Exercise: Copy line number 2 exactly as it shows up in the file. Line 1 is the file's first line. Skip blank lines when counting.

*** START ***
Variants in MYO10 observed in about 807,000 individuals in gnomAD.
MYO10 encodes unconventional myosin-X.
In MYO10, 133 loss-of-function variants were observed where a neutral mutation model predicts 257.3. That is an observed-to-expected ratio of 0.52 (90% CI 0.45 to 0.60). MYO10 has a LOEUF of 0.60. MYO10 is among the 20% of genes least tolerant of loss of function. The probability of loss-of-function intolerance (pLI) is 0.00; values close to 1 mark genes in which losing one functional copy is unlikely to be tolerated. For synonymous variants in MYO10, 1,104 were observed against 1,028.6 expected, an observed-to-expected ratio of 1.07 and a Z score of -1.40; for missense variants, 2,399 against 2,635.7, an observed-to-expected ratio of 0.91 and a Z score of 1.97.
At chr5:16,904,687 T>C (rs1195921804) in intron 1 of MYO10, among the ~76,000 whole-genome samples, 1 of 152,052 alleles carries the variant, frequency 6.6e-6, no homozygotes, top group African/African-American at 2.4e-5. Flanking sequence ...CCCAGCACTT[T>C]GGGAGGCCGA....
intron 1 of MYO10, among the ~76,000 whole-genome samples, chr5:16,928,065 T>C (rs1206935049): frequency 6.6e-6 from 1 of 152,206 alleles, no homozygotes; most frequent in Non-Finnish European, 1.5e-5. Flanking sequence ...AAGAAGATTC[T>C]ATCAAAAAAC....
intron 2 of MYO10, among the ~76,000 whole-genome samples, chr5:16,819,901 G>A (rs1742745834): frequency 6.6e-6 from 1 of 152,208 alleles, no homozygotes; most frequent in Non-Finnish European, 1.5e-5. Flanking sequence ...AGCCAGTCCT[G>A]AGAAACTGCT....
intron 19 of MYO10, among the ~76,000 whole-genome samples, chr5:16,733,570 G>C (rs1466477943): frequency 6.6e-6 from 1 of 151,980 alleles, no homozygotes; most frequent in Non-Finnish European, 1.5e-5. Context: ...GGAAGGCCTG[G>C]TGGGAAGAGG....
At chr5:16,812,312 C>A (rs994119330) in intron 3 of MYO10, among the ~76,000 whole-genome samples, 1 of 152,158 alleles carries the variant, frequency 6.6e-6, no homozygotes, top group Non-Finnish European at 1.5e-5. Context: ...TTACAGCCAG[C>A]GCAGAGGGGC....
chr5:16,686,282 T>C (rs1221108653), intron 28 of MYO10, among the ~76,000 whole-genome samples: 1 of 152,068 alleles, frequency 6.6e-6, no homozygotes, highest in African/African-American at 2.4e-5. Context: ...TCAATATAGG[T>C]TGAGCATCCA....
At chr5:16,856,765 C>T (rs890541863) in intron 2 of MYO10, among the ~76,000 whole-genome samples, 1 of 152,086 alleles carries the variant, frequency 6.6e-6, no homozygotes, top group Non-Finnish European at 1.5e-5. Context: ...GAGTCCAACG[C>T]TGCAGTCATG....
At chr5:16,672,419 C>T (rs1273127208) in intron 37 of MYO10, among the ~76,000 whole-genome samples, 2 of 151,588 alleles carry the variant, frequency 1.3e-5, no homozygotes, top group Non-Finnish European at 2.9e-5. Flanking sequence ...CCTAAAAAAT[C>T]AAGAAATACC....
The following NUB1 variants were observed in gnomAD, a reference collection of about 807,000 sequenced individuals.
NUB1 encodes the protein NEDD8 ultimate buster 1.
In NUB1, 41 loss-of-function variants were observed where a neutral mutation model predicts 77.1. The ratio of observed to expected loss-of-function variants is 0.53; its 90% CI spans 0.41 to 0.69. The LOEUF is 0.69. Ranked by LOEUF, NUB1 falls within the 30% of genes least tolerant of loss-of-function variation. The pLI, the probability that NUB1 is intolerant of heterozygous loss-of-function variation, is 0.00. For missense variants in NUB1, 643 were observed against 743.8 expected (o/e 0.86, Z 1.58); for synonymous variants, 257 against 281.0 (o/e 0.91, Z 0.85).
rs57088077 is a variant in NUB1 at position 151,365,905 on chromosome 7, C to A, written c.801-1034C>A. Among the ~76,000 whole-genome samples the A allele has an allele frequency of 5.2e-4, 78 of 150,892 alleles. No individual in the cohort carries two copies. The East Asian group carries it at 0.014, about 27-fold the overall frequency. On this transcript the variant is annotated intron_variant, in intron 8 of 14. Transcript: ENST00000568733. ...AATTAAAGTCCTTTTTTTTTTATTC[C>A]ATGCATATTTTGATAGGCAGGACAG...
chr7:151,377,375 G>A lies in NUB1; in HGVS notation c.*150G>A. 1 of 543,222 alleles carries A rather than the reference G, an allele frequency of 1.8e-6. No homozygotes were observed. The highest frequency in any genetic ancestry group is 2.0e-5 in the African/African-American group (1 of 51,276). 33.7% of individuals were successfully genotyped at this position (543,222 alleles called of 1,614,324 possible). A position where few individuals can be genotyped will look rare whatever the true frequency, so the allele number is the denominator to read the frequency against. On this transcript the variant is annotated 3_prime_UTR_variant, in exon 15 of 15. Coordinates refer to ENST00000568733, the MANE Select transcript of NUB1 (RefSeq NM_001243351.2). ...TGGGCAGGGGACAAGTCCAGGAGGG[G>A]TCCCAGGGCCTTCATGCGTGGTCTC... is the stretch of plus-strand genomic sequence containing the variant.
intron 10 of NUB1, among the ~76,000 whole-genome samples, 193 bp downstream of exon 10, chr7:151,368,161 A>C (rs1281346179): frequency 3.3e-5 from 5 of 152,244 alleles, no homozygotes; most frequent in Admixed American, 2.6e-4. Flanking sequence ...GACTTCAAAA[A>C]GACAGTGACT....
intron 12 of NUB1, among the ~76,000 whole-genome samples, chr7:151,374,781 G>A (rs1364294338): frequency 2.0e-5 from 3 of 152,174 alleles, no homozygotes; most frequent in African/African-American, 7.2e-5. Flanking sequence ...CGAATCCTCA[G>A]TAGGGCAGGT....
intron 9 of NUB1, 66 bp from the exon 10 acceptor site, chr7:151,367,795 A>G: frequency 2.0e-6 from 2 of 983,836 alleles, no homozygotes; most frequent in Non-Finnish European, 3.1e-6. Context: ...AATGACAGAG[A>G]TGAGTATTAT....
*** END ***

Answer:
MYO10 encodes unconventional myosin-X.